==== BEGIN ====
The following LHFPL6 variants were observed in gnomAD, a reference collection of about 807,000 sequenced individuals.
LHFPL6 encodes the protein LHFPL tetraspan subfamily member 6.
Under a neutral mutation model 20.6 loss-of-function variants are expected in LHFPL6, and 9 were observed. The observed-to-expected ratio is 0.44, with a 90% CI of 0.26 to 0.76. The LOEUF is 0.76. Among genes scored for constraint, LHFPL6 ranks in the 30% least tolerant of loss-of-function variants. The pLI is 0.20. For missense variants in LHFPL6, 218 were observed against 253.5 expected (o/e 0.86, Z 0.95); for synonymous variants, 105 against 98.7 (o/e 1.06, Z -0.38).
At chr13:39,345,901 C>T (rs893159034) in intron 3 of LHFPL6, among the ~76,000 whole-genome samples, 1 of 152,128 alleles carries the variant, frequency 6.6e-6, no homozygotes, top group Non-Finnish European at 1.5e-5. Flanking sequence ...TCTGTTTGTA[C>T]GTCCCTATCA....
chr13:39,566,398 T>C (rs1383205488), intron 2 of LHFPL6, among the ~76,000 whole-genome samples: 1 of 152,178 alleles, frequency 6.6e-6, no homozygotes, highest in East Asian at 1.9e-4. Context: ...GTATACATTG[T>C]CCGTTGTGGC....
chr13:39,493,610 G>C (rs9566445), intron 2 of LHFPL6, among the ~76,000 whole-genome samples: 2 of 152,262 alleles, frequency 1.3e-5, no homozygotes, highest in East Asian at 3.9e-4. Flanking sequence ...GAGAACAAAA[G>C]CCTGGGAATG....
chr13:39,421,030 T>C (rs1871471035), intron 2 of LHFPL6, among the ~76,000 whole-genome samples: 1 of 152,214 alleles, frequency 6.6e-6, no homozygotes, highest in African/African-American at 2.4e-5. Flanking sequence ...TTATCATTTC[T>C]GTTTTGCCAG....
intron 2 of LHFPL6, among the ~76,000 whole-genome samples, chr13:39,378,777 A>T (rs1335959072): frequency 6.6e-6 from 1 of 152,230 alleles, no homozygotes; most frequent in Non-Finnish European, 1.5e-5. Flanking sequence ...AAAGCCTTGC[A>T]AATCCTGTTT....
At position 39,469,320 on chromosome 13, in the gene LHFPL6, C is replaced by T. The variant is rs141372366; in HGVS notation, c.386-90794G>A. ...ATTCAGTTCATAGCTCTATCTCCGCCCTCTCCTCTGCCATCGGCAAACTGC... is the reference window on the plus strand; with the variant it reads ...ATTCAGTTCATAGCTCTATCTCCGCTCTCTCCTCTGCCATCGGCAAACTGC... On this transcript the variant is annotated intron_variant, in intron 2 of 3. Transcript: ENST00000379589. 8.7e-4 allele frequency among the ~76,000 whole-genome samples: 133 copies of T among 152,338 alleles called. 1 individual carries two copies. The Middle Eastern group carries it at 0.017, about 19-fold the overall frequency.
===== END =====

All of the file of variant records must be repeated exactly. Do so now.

The following LHFPL6 variants were observed in gnomAD, a reference collection of about 807,000 sequenced individuals.
LHFPL6 encodes the protein LHFPL tetraspan subfamily member 6.
Under a neutral mutation model 20.6 loss-of-function variants are expected in LHFPL6, and 9 were observed. The observed-to-expected ratio is 0.44, with a 90% CI of 0.26 to 0.76. The LOEUF is 0.76. Among genes scored for constraint, LHFPL6 ranks in the 30% least tolerant of loss-of-function variants. The pLI is 0.20. For missense variants in LHFPL6, 218 were observed against 253.5 expected (o/e 0.86, Z 0.95); for synonymous variants, 105 against 98.7 (o/e 1.06, Z -0.38).
At chr13:39,345,901 C>T (rs893159034) in intron 3 of LHFPL6, among the ~76,000 whole-genome samples, 1 of 152,128 alleles carries the variant, frequency 6.6e-6, no homozygotes, top group Non-Finnish European at 1.5e-5. Flanking sequence ...TCTGTTTGTA[C>T]GTCCCTATCA....
chr13:39,566,398 T>C (rs1383205488), intron 2 of LHFPL6, among the ~76,000 whole-genome samples: 1 of 152,178 alleles, frequency 6.6e-6, no homozygotes, highest in East Asian at 1.9e-4. Context: ...GTATACATTG[T>C]CCGTTGTGGC....
chr13:39,493,610 G>C (rs9566445), intron 2 of LHFPL6, among the ~76,000 whole-genome samples: 2 of 152,262 alleles, frequency 1.3e-5, no homozygotes, highest in East Asian at 3.9e-4. Flanking sequence ...GAGAACAAAA[G>C]CCTGGGAATG....
chr13:39,421,030 T>C (rs1871471035), intron 2 of LHFPL6, among the ~76,000 whole-genome samples: 1 of 152,214 alleles, frequency 6.6e-6, no homozygotes, highest in African/African-American at 2.4e-5. Flanking sequence ...TTATCATTTC[T>C]GTTTTGCCAG....
intron 2 of LHFPL6, among the ~76,000 whole-genome samples, chr13:39,378,777 A>T (rs1335959072): frequency 6.6e-6 from 1 of 152,230 alleles, no homozygotes; most frequent in Non-Finnish European, 1.5e-5. Flanking sequence ...AAAGCCTTGC[A>T]AATCCTGTTT....
At position 39,469,320 on chromosome 13, in the gene LHFPL6, C is replaced by T. The variant is rs141372366; in HGVS notation, c.386-90794G>A. ...ATTCAGTTCATAGCTCTATCTCCGCCCTCTCCTCTGCCATCGGCAAACTGC... is the reference window on the plus strand; with the variant it reads ...ATTCAGTTCATAGCTCTATCTCCGCTCTCTCCTCTGCCATCGGCAAACTGC... On this transcript the variant is annotated intron_variant, in intron 2 of 3. Transcript: ENST00000379589. 8.7e-4 allele frequency among the ~76,000 whole-genome samples: 133 copies of T among 152,338 alleles called. 1 individual carries two copies. The Middle Eastern group carries it at 0.017, about 19-fold the overall frequency.